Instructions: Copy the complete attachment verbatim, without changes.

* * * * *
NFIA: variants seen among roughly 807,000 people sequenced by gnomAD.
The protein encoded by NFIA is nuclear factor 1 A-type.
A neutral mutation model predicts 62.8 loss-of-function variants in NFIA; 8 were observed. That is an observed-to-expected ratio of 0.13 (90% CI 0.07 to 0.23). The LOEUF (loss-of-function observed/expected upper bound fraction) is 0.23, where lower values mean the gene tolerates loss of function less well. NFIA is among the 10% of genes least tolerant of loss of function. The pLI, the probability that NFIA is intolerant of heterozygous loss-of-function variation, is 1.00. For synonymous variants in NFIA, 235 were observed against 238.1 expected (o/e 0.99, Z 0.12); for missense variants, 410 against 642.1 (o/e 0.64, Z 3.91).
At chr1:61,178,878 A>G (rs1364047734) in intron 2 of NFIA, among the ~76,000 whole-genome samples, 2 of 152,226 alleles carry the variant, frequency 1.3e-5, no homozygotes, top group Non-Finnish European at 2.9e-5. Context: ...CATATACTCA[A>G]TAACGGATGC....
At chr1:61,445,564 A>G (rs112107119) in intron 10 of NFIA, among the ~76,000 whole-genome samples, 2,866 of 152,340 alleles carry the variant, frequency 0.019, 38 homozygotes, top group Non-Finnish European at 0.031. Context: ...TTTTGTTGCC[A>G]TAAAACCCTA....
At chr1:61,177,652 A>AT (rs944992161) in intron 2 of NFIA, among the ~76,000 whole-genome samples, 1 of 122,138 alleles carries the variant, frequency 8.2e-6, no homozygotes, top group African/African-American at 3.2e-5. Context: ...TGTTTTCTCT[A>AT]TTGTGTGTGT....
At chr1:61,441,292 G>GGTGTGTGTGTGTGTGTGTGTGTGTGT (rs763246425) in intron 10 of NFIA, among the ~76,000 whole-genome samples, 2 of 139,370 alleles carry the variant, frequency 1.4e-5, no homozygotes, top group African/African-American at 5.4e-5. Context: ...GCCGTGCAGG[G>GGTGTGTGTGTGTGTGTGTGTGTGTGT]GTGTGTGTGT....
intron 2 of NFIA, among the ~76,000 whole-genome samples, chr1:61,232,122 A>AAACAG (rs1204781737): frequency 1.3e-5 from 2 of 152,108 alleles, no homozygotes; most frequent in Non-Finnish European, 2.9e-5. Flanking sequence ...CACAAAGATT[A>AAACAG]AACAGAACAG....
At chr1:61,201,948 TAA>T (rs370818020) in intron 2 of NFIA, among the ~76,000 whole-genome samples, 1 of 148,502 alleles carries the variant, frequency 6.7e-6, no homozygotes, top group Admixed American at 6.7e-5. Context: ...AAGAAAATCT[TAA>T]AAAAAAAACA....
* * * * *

NFIA: variants seen among roughly 807,000 people sequenced by gnomAD.
The protein encoded by NFIA is nuclear factor 1 A-type.
A neutral mutation model predicts 62.8 loss-of-function variants in NFIA; 8 were observed. That is an observed-to-expected ratio of 0.13 (90% CI 0.07 to 0.23). The LOEUF (loss-of-function observed/expected upper bound fraction) is 0.23, where lower values mean the gene tolerates loss of function less well. NFIA is among the 10% of genes least tolerant of loss of function. The pLI, the probability that NFIA is intolerant of heterozygous loss-of-function variation, is 1.00. For synonymous variants in NFIA, 235 were observed against 238.1 expected (o/e 0.99, Z 0.12); for missense variants, 410 against 642.1 (o/e 0.64, Z 3.91).
At chr1:61,178,878 A>G (rs1364047734) in intron 2 of NFIA, among the ~76,000 whole-genome samples, 2 of 152,226 alleles carry the variant, frequency 1.3e-5, no homozygotes, top group Non-Finnish European at 2.9e-5. Context: ...CATATACTCA[A>G]TAACGGATGC....
At chr1:61,445,564 A>G (rs112107119) in intron 10 of NFIA, among the ~76,000 whole-genome samples, 2,866 of 152,340 alleles carry the variant, frequency 0.019, 38 homozygotes, top group Non-Finnish European at 0.031. Context: ...TTTTGTTGCC[A>G]TAAAACCCTA....
At chr1:61,177,652 A>AT (rs944992161) in intron 2 of NFIA, among the ~76,000 whole-genome samples, 1 of 122,138 alleles carries the variant, frequency 8.2e-6, no homozygotes, top group African/African-American at 3.2e-5. Context: ...TGTTTTCTCT[A>AT]TTGTGTGTGT....
At chr1:61,441,292 G>GGTGTGTGTGTGTGTGTGTGTGTGTGT (rs763246425) in intron 10 of NFIA, among the ~76,000 whole-genome samples, 2 of 139,370 alleles carry the variant, frequency 1.4e-5, no homozygotes, top group African/African-American at 5.4e-5. Context: ...GCCGTGCAGG[G>GGTGTGTGTGTGTGTGTGTGTGTGTGT]GTGTGTGTGT....
intron 2 of NFIA, among the ~76,000 whole-genome samples, chr1:61,232,122 A>AAACAG (rs1204781737): frequency 1.3e-5 from 2 of 152,108 alleles, no homozygotes; most frequent in Non-Finnish European, 2.9e-5. Flanking sequence ...CACAAAGATT[A>AAACAG]AACAGAACAG....
At chr1:61,201,948 TAA>T (rs370818020) in intron 2 of NFIA, among the ~76,000 whole-genome samples, 1 of 148,502 alleles carries the variant, frequency 6.7e-6, no homozygotes, top group Admixed American at 6.7e-5. Context: ...AAGAAAATCT[TAA>T]AAAAAAAACA....